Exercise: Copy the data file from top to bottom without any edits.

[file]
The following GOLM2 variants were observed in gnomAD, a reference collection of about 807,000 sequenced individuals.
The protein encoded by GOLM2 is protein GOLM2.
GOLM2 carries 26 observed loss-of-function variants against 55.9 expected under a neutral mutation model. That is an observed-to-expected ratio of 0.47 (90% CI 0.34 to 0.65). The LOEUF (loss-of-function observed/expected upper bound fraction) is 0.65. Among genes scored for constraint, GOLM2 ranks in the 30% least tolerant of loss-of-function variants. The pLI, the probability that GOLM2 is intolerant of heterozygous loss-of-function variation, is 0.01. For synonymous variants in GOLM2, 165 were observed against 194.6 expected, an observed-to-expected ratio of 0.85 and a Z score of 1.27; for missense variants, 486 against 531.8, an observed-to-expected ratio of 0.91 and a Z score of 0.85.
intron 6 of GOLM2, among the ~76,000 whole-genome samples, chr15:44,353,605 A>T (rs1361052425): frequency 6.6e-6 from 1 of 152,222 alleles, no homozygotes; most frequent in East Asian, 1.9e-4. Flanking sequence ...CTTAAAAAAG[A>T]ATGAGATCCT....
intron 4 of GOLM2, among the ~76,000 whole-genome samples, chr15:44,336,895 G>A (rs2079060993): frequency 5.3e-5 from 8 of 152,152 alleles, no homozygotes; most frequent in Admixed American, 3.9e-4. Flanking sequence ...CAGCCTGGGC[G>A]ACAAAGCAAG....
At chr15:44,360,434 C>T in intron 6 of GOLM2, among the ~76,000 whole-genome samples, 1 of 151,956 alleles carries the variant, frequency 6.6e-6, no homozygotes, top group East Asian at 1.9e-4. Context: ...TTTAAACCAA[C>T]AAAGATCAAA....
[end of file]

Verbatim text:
The following GOLM2 variants were observed in gnomAD, a reference collection of about 807,000 sequenced individuals.
The protein encoded by GOLM2 is protein GOLM2.
GOLM2 carries 26 observed loss-of-function variants against 55.9 expected under a neutral mutation model. That is an observed-to-expected ratio of 0.47 (90% CI 0.34 to 0.65). The LOEUF (loss-of-function observed/expected upper bound fraction) is 0.65. Among genes scored for constraint, GOLM2 ranks in the 30% least tolerant of loss-of-function variants. The pLI, the probability that GOLM2 is intolerant of heterozygous loss-of-function variation, is 0.01. For synonymous variants in GOLM2, 165 were observed against 194.6 expected, an observed-to-expected ratio of 0.85 and a Z score of 1.27; for missense variants, 486 against 531.8, an observed-to-expected ratio of 0.91 and a Z score of 0.85.
intron 6 of GOLM2, among the ~76,000 whole-genome samples, chr15:44,353,605 A>T (rs1361052425): frequency 6.6e-6 from 1 of 152,222 alleles, no homozygotes; most frequent in East Asian, 1.9e-4. Flanking sequence ...CTTAAAAAAG[A>T]ATGAGATCCT....
intron 4 of GOLM2, among the ~76,000 whole-genome samples, chr15:44,336,895 G>A (rs2079060993): frequency 5.3e-5 from 8 of 152,152 alleles, no homozygotes; most frequent in Admixed American, 3.9e-4. Flanking sequence ...CAGCCTGGGC[G>A]ACAAAGCAAG....
At chr15:44,360,434 C>T in intron 6 of GOLM2, among the ~76,000 whole-genome samples, 1 of 151,956 alleles carries the variant, frequency 6.6e-6, no homozygotes, top group East Asian at 1.9e-4. Context: ...TTTAAACCAA[C>T]AAAGATCAAA....